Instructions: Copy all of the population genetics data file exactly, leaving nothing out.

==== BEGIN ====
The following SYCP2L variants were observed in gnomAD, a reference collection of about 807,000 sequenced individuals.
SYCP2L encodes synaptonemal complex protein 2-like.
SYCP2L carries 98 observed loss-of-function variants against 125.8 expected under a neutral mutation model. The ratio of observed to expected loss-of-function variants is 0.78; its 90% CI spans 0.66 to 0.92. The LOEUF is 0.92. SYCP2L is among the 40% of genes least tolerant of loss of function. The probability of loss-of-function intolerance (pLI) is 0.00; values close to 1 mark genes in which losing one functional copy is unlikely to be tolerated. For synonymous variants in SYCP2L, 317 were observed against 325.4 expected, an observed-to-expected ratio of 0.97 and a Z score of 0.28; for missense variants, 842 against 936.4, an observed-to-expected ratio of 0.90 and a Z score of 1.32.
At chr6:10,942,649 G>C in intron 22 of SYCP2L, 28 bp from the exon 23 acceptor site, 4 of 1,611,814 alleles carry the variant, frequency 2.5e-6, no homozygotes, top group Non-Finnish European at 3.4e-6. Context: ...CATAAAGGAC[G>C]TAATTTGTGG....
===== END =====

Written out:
The following SYCP2L variants were observed in gnomAD, a reference collection of about 807,000 sequenced individuals.
SYCP2L encodes synaptonemal complex protein 2-like.
SYCP2L carries 98 observed loss-of-function variants against 125.8 expected under a neutral mutation model. The ratio of observed to expected loss-of-function variants is 0.78; its 90% CI spans 0.66 to 0.92. The LOEUF is 0.92. SYCP2L is among the 40% of genes least tolerant of loss of function. The probability of loss-of-function intolerance (pLI) is 0.00; values close to 1 mark genes in which losing one functional copy is unlikely to be tolerated. For synonymous variants in SYCP2L, 317 were observed against 325.4 expected, an observed-to-expected ratio of 0.97 and a Z score of 0.28; for missense variants, 842 against 936.4, an observed-to-expected ratio of 0.90 and a Z score of 1.32.
At chr6:10,942,649 G>C in intron 22 of SYCP2L, 28 bp from the exon 23 acceptor site, 4 of 1,611,814 alleles carry the variant, frequency 2.5e-6, no homozygotes, top group Non-Finnish European at 3.4e-6. Context: ...CATAAAGGAC[G>C]TAATTTGTGG....